‘Cheap grace’ can add to abuse

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Rob Parsons (inset, above) explains how a girl’s question about forgiveness rocked his world about how Christians should deal with it.

I have just returned from Asia, where I had the opportunity to witness the incredible work that Tearfund is doing to help care for children rescued from the sex trade.

I was so moved as I met with the children, some as young as ten, who had been sold into sexual slavery.

I also visited a ministry that works with young people who have been sexually abused within their own families or by close social contacts.

It offers counsel, support and, perhaps most importantly, hope.

It was, of course, both a sad and sobering experience, but all the more so because one of the counsellors said that much of this abuse was occurring within the church.

The story of one small girl touched my heart in a special way. The counsellor told me that she came from a churchgoing family and had been abused by her father. After years of suffering, the dreadful secret came out.

She had expected that others in the church would now come to her aid, and that at last there would be an end to her ongoing trauma.

The church did indeed confront her father and he admitted what he’d been doing.

He asked everyone, including God, to forgive him, and said he was determined never to do it again.

The church believed him – and the abuse went on.

And then the counsellor told me the comment he’d heard this young girl make: “I’d rather have a Buddhist friend than a Christian one, because they believe there are consequences to their actions.”

This girl, brought up in the cradle of the church, was articulating the idea of what some have called ‘cheap grace’.

It is the notion that our theology of forgiveness is not robust enough and that it often leaves the victim feeling utterly let down.

It’s not that those who have been hurt are seeking vengeance, or that they aren’t prepared to try to work through the pain of forgiving those who have hurt them.

And it’s certainly not that they don’t realise how much God has forgiven them personally, or that they fail to acknowledge that if we do not forgive, we will not be forgiven.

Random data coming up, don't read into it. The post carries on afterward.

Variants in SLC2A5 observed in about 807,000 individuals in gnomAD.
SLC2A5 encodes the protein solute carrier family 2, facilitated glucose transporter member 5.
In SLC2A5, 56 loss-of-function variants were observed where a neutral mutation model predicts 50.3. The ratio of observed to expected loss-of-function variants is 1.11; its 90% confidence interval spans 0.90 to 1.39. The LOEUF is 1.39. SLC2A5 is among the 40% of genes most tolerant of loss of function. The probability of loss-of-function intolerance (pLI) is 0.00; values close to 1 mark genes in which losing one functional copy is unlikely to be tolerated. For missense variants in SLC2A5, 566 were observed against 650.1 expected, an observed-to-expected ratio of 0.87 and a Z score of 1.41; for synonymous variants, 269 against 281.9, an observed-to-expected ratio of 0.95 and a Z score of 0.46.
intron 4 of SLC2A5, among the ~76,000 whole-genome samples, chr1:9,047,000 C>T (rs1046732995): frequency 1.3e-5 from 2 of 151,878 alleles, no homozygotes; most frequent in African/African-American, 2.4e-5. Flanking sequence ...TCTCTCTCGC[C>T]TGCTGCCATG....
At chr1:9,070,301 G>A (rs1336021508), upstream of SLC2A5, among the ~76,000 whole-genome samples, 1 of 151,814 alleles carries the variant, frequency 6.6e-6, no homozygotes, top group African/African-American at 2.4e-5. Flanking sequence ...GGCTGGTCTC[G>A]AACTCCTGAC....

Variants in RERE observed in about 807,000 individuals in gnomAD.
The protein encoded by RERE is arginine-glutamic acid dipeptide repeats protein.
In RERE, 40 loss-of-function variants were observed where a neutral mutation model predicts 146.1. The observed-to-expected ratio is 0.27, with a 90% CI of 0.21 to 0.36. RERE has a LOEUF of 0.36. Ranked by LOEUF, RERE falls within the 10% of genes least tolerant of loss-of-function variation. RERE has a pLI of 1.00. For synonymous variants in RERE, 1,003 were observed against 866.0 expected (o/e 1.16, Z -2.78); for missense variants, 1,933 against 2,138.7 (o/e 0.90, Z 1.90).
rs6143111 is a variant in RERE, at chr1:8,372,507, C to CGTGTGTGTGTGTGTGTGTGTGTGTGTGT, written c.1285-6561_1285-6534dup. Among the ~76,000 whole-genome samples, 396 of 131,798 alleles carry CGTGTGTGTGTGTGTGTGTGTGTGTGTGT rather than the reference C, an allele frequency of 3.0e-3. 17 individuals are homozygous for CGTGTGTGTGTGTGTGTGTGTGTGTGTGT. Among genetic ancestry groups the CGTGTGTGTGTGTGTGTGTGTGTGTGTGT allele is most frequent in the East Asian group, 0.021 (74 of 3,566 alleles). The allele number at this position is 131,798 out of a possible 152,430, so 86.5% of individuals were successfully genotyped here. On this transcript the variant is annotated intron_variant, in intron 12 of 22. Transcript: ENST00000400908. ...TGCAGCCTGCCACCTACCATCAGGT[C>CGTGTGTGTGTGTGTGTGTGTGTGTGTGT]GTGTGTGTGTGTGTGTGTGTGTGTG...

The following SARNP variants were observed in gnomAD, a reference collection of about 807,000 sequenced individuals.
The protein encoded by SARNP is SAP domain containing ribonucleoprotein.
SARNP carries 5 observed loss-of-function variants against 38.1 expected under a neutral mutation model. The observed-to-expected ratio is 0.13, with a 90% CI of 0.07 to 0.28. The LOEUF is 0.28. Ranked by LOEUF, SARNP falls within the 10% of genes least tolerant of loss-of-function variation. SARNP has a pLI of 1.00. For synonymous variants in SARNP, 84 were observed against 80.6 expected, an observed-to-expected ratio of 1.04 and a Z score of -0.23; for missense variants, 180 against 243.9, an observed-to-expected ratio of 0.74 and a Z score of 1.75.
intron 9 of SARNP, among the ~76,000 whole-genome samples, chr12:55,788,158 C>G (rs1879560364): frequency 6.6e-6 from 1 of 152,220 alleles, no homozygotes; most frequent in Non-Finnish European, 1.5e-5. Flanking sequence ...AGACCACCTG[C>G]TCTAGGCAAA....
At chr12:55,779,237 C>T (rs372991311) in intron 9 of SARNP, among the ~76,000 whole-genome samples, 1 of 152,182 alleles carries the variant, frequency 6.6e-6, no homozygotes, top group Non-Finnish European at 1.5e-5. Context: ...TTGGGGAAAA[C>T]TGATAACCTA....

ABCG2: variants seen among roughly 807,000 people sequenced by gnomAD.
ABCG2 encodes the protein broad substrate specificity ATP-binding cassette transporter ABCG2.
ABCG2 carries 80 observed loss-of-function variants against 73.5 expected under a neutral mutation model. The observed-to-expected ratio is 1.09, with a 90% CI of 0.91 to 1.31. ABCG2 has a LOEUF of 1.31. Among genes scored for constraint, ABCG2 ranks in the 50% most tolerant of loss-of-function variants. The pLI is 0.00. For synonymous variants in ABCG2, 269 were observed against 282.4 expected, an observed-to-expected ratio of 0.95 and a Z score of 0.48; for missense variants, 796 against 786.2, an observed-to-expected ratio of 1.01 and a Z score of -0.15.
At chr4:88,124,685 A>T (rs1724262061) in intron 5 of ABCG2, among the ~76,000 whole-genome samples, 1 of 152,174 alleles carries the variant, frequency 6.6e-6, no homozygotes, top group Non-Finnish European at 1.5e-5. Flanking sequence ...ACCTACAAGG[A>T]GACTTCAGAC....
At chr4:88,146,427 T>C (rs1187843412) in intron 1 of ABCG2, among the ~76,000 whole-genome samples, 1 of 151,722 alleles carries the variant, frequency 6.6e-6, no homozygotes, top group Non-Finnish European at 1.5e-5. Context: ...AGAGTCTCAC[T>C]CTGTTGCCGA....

FORGIVENESS

No, it is more that they come to believe that at both an individual and corporate level, Christians deal with forgiveness badly. It is used as a reason to handle an issue sloppily, to almost pretend it didn’t happen and that everything can immediately be all right again.

I have preached forgiveness all of my adult life. I have pleaded for it in families, in local churches, in organisations. It matters to me because I know the alternative is devastation.

The old Chinese proverb is right: “The man or woman who will not forgive must dig two graves.”

And yet, as I listened to the story of a young Asian girl who was old before her time, I was challenged as to how often we have made it sound too easy, too instant – too cheap.

I think now of a woman who once said to me: “I am trying to forgive my husband for leaving me for another woman, but what I find so hard is that other Christians just seem to shrug their shoulders.

“He and the new woman in his life are totally accepted, and in some ways I believe that’s right. It’s just that ‘forgiveness’ seems to have turned out to be everybody acting as if nothing has really happened. But he has broken my and our children’s hearts.”

I know there are no easy answers to these issues. All I am saying is that, having talked about forgiveness for so many years, I was suddenly faced with a young girl on the other side of the world who caused me to rock back on my heels.

In essence she said, “Don’t give your forgiveness so cheaply that you join in my abuse.”

And I can’t get her out of my mind.

Extracted from FROM THE HEART – An honest look at life and faith by Rob Parsons published by Hodder and Stoughton ISBN 9781529358155. Used with permission.

From Direction Magazine

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